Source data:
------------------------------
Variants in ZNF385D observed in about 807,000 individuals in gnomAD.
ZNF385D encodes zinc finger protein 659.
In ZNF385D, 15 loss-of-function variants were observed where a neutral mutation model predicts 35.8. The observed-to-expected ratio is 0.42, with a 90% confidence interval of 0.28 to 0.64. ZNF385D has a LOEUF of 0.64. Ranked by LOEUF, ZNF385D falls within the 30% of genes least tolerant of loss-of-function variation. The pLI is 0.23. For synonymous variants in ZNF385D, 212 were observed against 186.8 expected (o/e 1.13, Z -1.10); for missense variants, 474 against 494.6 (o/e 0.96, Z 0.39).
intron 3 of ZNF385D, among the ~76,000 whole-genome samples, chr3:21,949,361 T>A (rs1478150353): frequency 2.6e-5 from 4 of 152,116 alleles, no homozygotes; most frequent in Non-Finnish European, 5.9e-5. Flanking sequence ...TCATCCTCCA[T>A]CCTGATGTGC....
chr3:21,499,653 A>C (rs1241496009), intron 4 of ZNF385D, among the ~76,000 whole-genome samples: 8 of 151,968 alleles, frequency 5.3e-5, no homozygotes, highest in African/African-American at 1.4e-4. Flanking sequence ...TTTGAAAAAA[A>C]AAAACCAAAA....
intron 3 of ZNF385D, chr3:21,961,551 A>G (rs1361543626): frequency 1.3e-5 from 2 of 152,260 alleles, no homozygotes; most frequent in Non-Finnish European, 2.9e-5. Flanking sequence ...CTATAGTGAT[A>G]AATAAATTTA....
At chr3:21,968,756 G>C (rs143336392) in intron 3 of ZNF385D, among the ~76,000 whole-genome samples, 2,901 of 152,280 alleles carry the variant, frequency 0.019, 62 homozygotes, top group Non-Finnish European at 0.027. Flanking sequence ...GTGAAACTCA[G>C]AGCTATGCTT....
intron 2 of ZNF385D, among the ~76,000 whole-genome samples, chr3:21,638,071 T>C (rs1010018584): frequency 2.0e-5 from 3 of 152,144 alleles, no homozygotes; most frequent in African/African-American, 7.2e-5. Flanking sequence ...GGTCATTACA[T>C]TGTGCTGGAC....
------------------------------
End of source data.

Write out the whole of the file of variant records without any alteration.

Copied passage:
Variants in ZNF385D observed in about 807,000 individuals in gnomAD.
ZNF385D encodes zinc finger protein 659.
In ZNF385D, 15 loss-of-function variants were observed where a neutral mutation model predicts 35.8. The observed-to-expected ratio is 0.42, with a 90% confidence interval of 0.28 to 0.64. ZNF385D has a LOEUF of 0.64. Ranked by LOEUF, ZNF385D falls within the 30% of genes least tolerant of loss-of-function variation. The pLI is 0.23. For synonymous variants in ZNF385D, 212 were observed against 186.8 expected (o/e 1.13, Z -1.10); for missense variants, 474 against 494.6 (o/e 0.96, Z 0.39).
intron 3 of ZNF385D, among the ~76,000 whole-genome samples, chr3:21,949,361 T>A (rs1478150353): frequency 2.6e-5 from 4 of 152,116 alleles, no homozygotes; most frequent in Non-Finnish European, 5.9e-5. Flanking sequence ...TCATCCTCCA[T>A]CCTGATGTGC....
chr3:21,499,653 A>C (rs1241496009), intron 4 of ZNF385D, among the ~76,000 whole-genome samples: 8 of 151,968 alleles, frequency 5.3e-5, no homozygotes, highest in African/African-American at 1.4e-4. Flanking sequence ...TTTGAAAAAA[A>C]AAAACCAAAA....
intron 3 of ZNF385D, chr3:21,961,551 A>G (rs1361543626): frequency 1.3e-5 from 2 of 152,260 alleles, no homozygotes; most frequent in Non-Finnish European, 2.9e-5. Flanking sequence ...CTATAGTGAT[A>G]AATAAATTTA....
At chr3:21,968,756 G>C (rs143336392) in intron 3 of ZNF385D, among the ~76,000 whole-genome samples, 2,901 of 152,280 alleles carry the variant, frequency 0.019, 62 homozygotes, top group Non-Finnish European at 0.027. Flanking sequence ...GTGAAACTCA[G>C]AGCTATGCTT....
intron 2 of ZNF385D, among the ~76,000 whole-genome samples, chr3:21,638,071 T>C (rs1010018584): frequency 2.0e-5 from 3 of 152,144 alleles, no homozygotes; most frequent in African/African-American, 7.2e-5. Flanking sequence ...GGTCATTACA[T>C]TGTGCTGGAC....